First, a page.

Neurogenic shock

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Neurogenic shock
Other names: Vasogenic shock[1]
Cervical Spine MRI (T2W).jpg
Cervical spine MRI showing a C4 fracture and dislocation resulting in spinal cord compression
SpecialtySpinal surgery
SymptomsLow blood pressure, low heart rate, warm skin, abnormal body temperature[1]
ComplicationsOrgan dysfunction[2]
Duration4 to 12 weeks[3]
CausesSpinal cord injury above T4, spinal anesthesia, Guillain-Barre syndrome, autonomic nervous system toxins, transverse myelitis, other neuropathies[2][1]
Diagnostic methodBased on symptoms and medical imaging after ruling out other possible cases[1]
Differential diagnosisSpinal shock, hypovolemic shock, other types of circulatory shock[1]
TreatmentIntravenous fluids, C-spine motion restriction, norepinephrine[1]
FrequencyRelatively uncommon[4]

Neurogenic shock is a type of shock due to spinal cord injury.[1] Symptoms may include low blood pressure, low heart rate, warm skin, and abnormal body temperature.[1] It starts at the time of injury and may last for 4 to 12 weeks.[3] Complications can include organ dysfunction.[2]

The cause is generally a spinal cord injury above the fourth thoracic vertebrae.[2] Other causes may include spinal anesthesia, Guillain-Barre syndrome, autonomic nervous system toxins, transverse myelitis, and other neuropathies.[1] The underlying mechanism involves loss of sympathetic tone.[1] It is a type of distributive shock.[2] Diagnosis is based on symptoms and medical imaging after ruling out other possible cases.[1] It differs from spinal shock, which refers to loss of sensation, reflexes, and motor function, though may be associated with neurogenic shock.[1]

The initial treatment is generally with intravenous fluids and C-spine motion restriction.[1] If this is not sufficient norepinephrine is often used to keep the mean arterial pressure greater than 90 mmHg.[1] The slow heart rate may be treated with atropine.[1] Surgery may be required to stabilize the spine.[1] Neurogenic shock is relatively uncommon.[4] It occurs in about 19% of cervical and 7% of thoracic spinal cord injuries.[1][3]

Signs and symptoms

Causes

Neurogenic shock can result from severe central nervous system damage (brain injury, cervical or high thoracic spinal cord).[5] In more simple terms: the trauma causes a sudden loss of background sympathetic stimulation to the blood vessels. This causes them to relax (vasodilation)[6] resulting in a sudden decrease in blood pressure (secondary to a decrease in peripheral vascular resistance).

Neurogenic shock results from damage to the spinal cord above the level of the 6th thoracic vertebra.[7] It is found in about half of people who suffer spinal cord injury within the first 24 hours, and usually doesn't go away for one to three weeks.[7]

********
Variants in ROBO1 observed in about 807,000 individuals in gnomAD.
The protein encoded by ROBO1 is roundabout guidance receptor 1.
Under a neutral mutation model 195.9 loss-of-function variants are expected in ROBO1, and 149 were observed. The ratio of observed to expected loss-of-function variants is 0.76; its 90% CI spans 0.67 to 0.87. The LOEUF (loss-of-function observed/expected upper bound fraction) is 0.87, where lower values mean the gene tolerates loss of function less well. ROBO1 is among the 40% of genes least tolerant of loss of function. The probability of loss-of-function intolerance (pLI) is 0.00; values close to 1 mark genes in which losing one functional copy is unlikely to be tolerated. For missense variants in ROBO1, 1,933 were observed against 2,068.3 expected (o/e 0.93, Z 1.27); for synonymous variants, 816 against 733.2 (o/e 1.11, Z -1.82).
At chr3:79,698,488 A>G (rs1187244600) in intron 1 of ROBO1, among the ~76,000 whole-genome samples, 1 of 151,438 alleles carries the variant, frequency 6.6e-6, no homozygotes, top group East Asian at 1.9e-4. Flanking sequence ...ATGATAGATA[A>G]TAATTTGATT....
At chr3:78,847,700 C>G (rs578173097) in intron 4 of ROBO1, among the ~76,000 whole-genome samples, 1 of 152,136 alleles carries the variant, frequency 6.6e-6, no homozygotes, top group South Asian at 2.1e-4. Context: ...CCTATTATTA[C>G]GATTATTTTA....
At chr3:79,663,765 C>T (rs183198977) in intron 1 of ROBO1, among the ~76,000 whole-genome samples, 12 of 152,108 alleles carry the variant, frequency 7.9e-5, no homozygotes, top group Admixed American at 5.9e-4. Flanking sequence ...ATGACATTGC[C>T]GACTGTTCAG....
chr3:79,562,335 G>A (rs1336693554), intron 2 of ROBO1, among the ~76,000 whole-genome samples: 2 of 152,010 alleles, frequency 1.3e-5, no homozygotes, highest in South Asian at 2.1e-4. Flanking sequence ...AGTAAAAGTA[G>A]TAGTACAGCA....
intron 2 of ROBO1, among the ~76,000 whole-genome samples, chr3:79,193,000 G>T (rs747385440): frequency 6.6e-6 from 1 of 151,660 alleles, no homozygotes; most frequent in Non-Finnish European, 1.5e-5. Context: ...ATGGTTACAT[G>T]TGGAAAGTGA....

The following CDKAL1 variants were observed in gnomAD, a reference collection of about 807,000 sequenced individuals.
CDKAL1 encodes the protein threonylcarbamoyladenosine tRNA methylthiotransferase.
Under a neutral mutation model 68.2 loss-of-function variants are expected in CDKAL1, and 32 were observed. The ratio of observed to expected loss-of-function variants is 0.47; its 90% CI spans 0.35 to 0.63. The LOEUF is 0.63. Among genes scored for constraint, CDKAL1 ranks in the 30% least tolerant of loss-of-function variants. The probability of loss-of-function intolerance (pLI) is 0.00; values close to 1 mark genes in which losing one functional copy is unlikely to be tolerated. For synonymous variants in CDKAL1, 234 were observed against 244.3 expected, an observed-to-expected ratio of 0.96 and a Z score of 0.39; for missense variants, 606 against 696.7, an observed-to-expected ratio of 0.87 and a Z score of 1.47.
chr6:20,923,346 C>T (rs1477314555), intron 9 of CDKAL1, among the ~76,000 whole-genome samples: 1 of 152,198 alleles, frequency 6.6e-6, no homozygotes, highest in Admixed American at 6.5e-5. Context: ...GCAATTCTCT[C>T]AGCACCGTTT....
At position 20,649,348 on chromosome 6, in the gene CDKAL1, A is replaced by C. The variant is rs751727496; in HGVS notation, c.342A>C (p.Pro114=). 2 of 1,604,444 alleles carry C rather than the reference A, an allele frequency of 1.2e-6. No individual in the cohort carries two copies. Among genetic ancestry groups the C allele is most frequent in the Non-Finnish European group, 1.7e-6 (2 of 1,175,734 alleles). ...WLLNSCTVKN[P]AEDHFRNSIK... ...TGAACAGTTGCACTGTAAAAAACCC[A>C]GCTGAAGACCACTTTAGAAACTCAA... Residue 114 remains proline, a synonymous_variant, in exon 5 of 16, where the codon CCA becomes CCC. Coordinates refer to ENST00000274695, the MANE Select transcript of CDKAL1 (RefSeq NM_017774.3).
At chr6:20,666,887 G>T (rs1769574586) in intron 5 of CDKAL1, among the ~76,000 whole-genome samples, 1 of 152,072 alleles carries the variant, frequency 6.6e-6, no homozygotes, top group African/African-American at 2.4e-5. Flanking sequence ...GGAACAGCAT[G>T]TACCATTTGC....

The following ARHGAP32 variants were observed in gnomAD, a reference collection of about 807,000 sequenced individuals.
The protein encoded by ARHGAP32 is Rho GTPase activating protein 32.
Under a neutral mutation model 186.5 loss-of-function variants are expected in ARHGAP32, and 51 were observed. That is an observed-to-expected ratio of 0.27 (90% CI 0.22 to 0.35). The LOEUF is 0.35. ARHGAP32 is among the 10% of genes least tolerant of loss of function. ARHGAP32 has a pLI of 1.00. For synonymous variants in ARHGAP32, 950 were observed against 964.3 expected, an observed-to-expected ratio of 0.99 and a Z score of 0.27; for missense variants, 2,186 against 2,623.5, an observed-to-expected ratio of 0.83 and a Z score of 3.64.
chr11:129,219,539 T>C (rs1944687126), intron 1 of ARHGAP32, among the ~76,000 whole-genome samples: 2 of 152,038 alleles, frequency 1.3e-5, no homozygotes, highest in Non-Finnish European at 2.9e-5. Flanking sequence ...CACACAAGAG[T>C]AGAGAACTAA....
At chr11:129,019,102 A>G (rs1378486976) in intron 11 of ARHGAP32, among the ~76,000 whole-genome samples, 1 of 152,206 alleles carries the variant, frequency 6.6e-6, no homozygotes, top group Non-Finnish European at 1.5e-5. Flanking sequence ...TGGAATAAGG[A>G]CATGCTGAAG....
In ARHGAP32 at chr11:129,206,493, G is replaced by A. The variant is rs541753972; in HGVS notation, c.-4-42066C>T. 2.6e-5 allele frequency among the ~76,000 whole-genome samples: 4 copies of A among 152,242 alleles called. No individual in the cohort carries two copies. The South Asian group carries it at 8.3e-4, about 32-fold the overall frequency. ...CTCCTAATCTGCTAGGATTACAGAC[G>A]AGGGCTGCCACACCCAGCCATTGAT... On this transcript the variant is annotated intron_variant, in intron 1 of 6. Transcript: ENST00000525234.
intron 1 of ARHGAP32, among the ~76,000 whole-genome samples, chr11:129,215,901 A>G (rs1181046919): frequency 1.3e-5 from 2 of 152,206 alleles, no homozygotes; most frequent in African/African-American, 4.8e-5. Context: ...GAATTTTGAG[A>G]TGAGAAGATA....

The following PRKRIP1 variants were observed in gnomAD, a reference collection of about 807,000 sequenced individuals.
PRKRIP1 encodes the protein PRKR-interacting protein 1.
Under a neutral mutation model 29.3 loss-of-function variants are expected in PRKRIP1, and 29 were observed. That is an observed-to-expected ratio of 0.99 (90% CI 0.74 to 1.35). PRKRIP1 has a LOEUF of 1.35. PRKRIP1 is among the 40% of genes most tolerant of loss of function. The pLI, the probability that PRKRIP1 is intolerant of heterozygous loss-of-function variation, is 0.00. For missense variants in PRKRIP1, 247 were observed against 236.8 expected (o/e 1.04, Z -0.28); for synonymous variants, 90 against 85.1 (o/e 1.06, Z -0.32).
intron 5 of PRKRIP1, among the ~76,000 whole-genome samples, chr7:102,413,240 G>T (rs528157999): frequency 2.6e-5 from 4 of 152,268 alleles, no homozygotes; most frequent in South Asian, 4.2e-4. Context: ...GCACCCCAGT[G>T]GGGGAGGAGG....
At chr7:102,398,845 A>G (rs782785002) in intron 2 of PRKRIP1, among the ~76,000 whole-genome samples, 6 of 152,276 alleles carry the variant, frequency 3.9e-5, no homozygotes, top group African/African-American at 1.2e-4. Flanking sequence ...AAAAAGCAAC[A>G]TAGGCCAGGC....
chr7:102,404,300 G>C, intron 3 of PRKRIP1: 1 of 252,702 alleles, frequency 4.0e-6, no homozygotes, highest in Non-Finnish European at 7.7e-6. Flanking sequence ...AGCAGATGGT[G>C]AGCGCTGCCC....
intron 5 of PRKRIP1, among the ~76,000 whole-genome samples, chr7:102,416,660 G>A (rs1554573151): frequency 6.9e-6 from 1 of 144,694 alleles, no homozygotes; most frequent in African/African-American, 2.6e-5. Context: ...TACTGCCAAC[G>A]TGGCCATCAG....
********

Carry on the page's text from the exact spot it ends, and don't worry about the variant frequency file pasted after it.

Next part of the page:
Pathophysiology

Neurogenic shock is diagnosed based on a person's symptoms and blood pressure levels.

Neurogenic shock's presentation includes:[8][9]

- warm and pink skin

- labored breathing

- low blood pressure

- dizziness

- anxiety

- history of trauma to head or upper spine.

- if the injury is to the head or neck, hoarseness or difficulty swallowing may occur.

Symptoms of neurogenic shock are differentiated from other forms of shock, by the lack of signs of the compensatory mechanisms triggered by the sympathetic nervous system on other forms of shock via the release of epinephrine and norepinephrine. Signs caused by these neurotransmitters are typically lacking in where shock is of neurogenic origin include: increased heart rate, faster breathing, and sweating, and adaptive vasoconstriction, which serves in other forms of shock to shunt blood away from the extremities and to the vital organs.

In neurogenic shock, the body loses its ability to activate the sympathetic nervous system so that only parasympathetic tone remains. The resulting loss of sympathetic tone, which plays a major role in other forms of shock is responsible for the unique and atypical features mentioned above.[8]

Treatment

References

  1. 1.00 1.01 1.02 1.03 1.04 1.05 1.06 1.07 1.08 1.09 1.10 1.11 1.12 1.13 1.14 1.15 1.16 Dave, S; Cho, JJ (January 2020). "Neurogenic Shock". PMID 29083597. Cite journal requires |journal= (help)
  2. 2.0 2.1 2.2 2.3 2.4 "Shock - Critical Care Medicine". Merck Manuals Professional Edition. Retrieved 5 January 2021.
  3. 3.0 3.1 3.2 Chhabra, Harvinder Singh (2015). ISCoS Textbook on Comprehensive management of Spinal Cord Injuries. Wolters kluwer india Pvt Ltd. p. 784. ISBN 978-93-5129-440-5.
  4. 4.0 4.1 Standl, T; Annecke, T; Cascorbi, I; Heller, AR; Sabashnikov, A; Teske, W (9 November 2018). "The Nomenclature, Definition and Distinction of Types of Shock". Deutsches Arzteblatt international. 115 (45): 757–768. doi:10.3238/arztebl.2018.0757. PMID 30573009.
  5. 4. Guly HR, Bouamra O, Lecky FE. The incidence of neurogenic shock in patients with isolated spinal cord injury in the emergency department. Resuscitation (2008) 76, 57-62
  6. "Dorlands Medical Dictionary:neurogenic shock".
  7. 7.0 7.1 Newman, Mark F.; Fleisher, Lee A.; Fink, Mitchell P. (2008). Perioperative Medicine: Managing for Outcome. Elsevier Health Sciences. p. 348. ISBN 978-1-4160-2456-9.
  8. 8.0 8.1 Mallek JT; Inaba K; et al. (2012). "The Incidence of Neurogenic Shock after Spinal Cord Injury in Patients Admitted to a High-Volume Level I Trauma Center". The American Surgeon. 78 (5): 623–626.
  9. Axelrad A, Pandya P, et al. (2013). "The Significance of Neurogenic Shock and Acute Spinal Cord Injury (Poster Session)". Critical Care Medicine. The Society of Critical Care Medicine and Lippincott Williams & Wilkins. doi:10.1097/01.ccm.0000439365.59627.b5.
  10. "Hypotension & Shock Treatment | health.am".
  11. Holtz, Anders; Levi, Richard (6 July 2010). Spinal Cord Injury. Oxford University Press. p. 63–4. ISBN 978-0-19-970681-5.

External links

Classification